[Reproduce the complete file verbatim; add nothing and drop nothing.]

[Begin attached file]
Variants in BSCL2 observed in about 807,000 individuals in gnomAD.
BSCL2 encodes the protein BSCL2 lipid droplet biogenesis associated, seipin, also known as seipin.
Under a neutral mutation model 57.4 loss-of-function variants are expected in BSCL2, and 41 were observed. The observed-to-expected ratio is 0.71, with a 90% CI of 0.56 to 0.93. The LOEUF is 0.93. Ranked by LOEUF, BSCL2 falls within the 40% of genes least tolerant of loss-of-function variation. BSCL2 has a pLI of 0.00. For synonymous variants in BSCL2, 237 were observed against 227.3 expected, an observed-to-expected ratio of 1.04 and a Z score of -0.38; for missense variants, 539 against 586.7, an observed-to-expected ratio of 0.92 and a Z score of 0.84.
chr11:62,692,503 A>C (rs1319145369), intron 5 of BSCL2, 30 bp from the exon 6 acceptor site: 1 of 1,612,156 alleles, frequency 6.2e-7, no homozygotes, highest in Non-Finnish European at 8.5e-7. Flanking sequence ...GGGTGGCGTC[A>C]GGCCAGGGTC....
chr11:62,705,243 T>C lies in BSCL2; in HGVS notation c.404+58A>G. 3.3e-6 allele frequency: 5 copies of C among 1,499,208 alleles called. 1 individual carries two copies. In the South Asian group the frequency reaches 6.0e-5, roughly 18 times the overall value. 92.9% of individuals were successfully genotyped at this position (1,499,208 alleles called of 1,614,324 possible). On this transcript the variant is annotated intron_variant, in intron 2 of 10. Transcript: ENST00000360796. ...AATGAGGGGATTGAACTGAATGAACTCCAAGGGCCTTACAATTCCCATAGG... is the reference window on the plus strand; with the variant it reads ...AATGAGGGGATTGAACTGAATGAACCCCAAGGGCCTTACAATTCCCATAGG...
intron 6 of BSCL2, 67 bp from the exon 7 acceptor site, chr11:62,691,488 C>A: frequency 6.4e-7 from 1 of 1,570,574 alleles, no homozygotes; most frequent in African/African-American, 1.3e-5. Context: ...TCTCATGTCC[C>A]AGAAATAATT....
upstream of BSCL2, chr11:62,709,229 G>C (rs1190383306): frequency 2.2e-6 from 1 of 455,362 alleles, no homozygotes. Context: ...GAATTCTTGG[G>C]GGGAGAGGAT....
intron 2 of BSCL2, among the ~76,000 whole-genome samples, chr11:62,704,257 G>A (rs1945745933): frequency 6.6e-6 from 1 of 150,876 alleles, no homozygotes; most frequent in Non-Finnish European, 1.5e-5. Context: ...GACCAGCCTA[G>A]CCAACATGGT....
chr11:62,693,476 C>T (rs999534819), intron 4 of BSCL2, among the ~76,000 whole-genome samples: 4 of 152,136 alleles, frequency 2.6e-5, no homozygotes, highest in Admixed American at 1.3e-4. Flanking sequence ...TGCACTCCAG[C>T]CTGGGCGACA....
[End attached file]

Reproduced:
Variants in BSCL2 observed in about 807,000 individuals in gnomAD.
BSCL2 encodes the protein BSCL2 lipid droplet biogenesis associated, seipin, also known as seipin.
Under a neutral mutation model 57.4 loss-of-function variants are expected in BSCL2, and 41 were observed. The observed-to-expected ratio is 0.71, with a 90% CI of 0.56 to 0.93. The LOEUF is 0.93. Ranked by LOEUF, BSCL2 falls within the 40% of genes least tolerant of loss-of-function variation. BSCL2 has a pLI of 0.00. For synonymous variants in BSCL2, 237 were observed against 227.3 expected, an observed-to-expected ratio of 1.04 and a Z score of -0.38; for missense variants, 539 against 586.7, an observed-to-expected ratio of 0.92 and a Z score of 0.84.
chr11:62,692,503 A>C (rs1319145369), intron 5 of BSCL2, 30 bp from the exon 6 acceptor site: 1 of 1,612,156 alleles, frequency 6.2e-7, no homozygotes, highest in Non-Finnish European at 8.5e-7. Flanking sequence ...GGGTGGCGTC[A>C]GGCCAGGGTC....
chr11:62,705,243 T>C lies in BSCL2; in HGVS notation c.404+58A>G. 3.3e-6 allele frequency: 5 copies of C among 1,499,208 alleles called. 1 individual carries two copies. In the South Asian group the frequency reaches 6.0e-5, roughly 18 times the overall value. 92.9% of individuals were successfully genotyped at this position (1,499,208 alleles called of 1,614,324 possible). On this transcript the variant is annotated intron_variant, in intron 2 of 10. Transcript: ENST00000360796. ...AATGAGGGGATTGAACTGAATGAACTCCAAGGGCCTTACAATTCCCATAGG... is the reference window on the plus strand; with the variant it reads ...AATGAGGGGATTGAACTGAATGAACCCCAAGGGCCTTACAATTCCCATAGG...
intron 6 of BSCL2, 67 bp from the exon 7 acceptor site, chr11:62,691,488 C>A: frequency 6.4e-7 from 1 of 1,570,574 alleles, no homozygotes; most frequent in African/African-American, 1.3e-5. Context: ...TCTCATGTCC[C>A]AGAAATAATT....
upstream of BSCL2, chr11:62,709,229 G>C (rs1190383306): frequency 2.2e-6 from 1 of 455,362 alleles, no homozygotes. Context: ...GAATTCTTGG[G>C]GGGAGAGGAT....
intron 2 of BSCL2, among the ~76,000 whole-genome samples, chr11:62,704,257 G>A (rs1945745933): frequency 6.6e-6 from 1 of 150,876 alleles, no homozygotes; most frequent in Non-Finnish European, 1.5e-5. Context: ...GACCAGCCTA[G>A]CCAACATGGT....
chr11:62,693,476 C>T (rs999534819), intron 4 of BSCL2, among the ~76,000 whole-genome samples: 4 of 152,136 alleles, frequency 2.6e-5, no homozygotes, highest in Admixed American at 1.3e-4. Flanking sequence ...TGCACTCCAG[C>T]CTGGGCGACA....